What if we can make our society and tourism more sustainable without having to change much of our human belief structures? This approach is called: “The sustainable environmental friendly default approach”. A study in Nature looked at non-monetary incentives that encourage pro-environmental behavior and can contribute to combating climate change. They investigated the effect of green energy defaults in the household and business sectors. In two large-scale field studies in Switzerland of over 200,000 households and 8,000 enterprises, they found that presenting renewable energy to existing customers as the standard option led to around 80% of the household and business sector customers staying with the green default even do their energy bills went up with minimum 3 to 8%. The effects were largely stable over a time span of at least four years. It is a widely known phenomenon in different spheres, such as in organ donation, where laws have changed in many countries so that the people have to opt out if they don’t want to donate after death.
Researchers believe that some of the reluctance to change is down to the human condition. “You have to switch to the other cheaper tariff bills actively,” said team leader Prof Andreas Diekmann, from ETH Zurich. “You can do it by email or by a phone call, but many people just don’t do it.” As well as people’s inherent reluctance to tackle the paperwork involved in changing back to fossil fuels, there were other factors at play. “People are a bit overwhelmed because it is a hard topic to actually feel competent to choose your own tariff,” said Dr Gewinner. “So if you help them and tell them we are all moving now to renewable energy, they feel okay. It was kind of what they wanted to do anyway. I think that’s what makes default settings stick so much, because we understand that it’s the recommended product, like the safe choice.”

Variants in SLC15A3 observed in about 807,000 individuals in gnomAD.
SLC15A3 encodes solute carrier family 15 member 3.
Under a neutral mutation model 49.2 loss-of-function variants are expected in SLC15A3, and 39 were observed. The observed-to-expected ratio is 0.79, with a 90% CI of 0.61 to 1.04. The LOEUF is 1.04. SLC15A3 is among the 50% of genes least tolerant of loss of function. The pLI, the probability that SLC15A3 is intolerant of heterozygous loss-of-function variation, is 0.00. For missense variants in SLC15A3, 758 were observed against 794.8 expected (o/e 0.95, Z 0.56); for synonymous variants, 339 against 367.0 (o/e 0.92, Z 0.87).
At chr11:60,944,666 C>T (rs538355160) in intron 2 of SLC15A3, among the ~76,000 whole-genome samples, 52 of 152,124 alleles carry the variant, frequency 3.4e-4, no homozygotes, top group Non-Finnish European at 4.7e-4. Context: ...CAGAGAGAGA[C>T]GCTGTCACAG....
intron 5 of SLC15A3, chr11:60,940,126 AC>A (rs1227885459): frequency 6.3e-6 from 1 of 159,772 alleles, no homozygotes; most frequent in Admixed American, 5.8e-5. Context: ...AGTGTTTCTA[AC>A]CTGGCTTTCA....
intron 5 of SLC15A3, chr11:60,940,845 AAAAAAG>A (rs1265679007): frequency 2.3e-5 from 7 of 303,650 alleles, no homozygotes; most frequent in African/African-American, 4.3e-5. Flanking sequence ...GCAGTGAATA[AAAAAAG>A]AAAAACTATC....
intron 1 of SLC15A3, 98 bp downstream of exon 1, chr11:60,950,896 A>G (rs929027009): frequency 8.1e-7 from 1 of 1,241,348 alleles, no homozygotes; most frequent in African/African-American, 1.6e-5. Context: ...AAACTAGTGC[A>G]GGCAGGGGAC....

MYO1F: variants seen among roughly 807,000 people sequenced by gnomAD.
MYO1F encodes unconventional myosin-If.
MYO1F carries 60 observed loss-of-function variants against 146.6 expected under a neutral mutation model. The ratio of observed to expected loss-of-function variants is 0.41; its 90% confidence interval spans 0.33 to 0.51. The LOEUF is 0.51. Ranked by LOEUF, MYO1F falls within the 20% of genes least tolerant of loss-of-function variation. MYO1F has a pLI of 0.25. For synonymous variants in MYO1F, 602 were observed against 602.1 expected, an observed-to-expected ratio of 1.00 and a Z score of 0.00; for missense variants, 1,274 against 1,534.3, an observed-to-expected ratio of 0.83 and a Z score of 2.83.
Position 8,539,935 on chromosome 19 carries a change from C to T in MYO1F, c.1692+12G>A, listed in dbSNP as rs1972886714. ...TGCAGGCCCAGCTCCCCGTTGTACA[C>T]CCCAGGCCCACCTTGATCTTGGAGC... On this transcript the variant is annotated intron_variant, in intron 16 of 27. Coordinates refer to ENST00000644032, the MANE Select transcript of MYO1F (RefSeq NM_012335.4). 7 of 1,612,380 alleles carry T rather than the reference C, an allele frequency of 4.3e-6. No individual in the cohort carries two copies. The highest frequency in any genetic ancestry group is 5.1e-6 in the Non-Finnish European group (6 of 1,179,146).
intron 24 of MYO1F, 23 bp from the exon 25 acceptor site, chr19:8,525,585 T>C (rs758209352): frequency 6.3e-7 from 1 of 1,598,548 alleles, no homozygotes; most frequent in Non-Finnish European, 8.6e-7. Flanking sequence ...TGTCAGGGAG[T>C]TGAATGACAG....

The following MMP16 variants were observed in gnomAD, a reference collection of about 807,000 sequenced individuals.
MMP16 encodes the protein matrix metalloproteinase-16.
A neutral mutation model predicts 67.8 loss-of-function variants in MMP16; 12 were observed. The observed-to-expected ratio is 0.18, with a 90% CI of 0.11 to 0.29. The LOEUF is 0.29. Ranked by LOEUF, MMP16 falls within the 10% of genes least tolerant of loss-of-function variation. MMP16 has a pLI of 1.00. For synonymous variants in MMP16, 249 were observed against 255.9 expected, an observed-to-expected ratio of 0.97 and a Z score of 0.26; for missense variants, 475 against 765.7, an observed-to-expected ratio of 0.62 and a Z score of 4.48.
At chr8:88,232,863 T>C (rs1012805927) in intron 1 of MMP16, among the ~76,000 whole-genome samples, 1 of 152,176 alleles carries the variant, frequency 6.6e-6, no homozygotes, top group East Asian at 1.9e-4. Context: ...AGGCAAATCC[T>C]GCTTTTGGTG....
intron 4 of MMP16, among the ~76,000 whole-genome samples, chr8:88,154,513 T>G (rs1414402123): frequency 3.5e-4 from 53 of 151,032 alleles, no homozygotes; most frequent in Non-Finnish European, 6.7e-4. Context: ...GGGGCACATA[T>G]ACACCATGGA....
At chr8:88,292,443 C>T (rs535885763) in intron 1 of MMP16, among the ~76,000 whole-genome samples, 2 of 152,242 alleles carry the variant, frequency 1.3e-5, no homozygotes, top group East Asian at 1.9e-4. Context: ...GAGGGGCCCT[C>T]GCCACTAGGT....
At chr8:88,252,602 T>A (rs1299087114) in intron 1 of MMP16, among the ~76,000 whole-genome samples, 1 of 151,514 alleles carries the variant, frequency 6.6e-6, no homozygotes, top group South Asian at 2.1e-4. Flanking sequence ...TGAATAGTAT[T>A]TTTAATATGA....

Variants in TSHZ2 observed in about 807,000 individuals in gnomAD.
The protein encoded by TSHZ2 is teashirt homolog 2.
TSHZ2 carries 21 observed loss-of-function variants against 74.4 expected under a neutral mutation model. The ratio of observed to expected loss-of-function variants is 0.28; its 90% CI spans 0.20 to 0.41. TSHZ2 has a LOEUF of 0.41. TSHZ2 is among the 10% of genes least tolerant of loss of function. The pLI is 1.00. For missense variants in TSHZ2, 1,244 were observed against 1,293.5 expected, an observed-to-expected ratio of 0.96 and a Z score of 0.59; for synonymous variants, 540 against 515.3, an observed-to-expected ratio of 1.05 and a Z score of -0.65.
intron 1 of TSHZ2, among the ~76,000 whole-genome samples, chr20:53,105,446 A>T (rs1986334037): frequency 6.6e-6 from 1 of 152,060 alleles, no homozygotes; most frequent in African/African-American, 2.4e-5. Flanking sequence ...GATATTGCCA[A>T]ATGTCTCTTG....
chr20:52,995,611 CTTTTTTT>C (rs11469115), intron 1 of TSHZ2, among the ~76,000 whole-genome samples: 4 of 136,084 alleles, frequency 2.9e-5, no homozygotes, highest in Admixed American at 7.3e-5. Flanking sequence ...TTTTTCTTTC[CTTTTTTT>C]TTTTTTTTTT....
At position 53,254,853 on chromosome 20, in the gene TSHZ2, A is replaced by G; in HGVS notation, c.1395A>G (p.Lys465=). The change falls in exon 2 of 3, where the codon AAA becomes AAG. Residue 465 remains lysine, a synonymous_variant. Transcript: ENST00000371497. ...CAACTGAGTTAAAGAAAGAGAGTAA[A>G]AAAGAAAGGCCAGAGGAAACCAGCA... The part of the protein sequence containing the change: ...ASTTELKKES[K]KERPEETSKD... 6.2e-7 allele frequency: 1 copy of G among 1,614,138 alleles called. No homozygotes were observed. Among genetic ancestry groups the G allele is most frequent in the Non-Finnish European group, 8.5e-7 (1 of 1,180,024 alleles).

An option in tourism could be to standard obligate tour operators to use the most environmental friendly way of transport that is (locally) available for the type of tour booked by the client. This can include using trains, local buses, private transport on natural gas, or electric and even bike taxies in a city. When using a less environmental friendly vehicle then available the tour agency could then be fined/ charged an additional green-tax. Of course a system like this will only work if it really applies to all travel businesses, or else clients will continue to search for cheaper, less environmental friendly options. I admit, it will not be easy to implement a default green approach to tourism and our society, but it might be worth looking deeper in to it. A first step in the right direction could be if travel agencies are obligated to inform their clients better about the ways of transport they use, the alternatives and their possible impact on the environment, bot negative and positive.
The risk of a sustainable default approach when used on a bigger/ global scale is that there need to be enough green alternatives available. Currently there isn’t enough sustainable produced energy or even food available. Another important condition is that it should be used in an honest and transparent way. Not like airlines who charge only 6.45 USD CO2 compensation for a flight from Amsterdam to New York. We also need to be sure that when an additional ‘green tax’ is charged, that this money is really used to try to reduce our carbon footprint.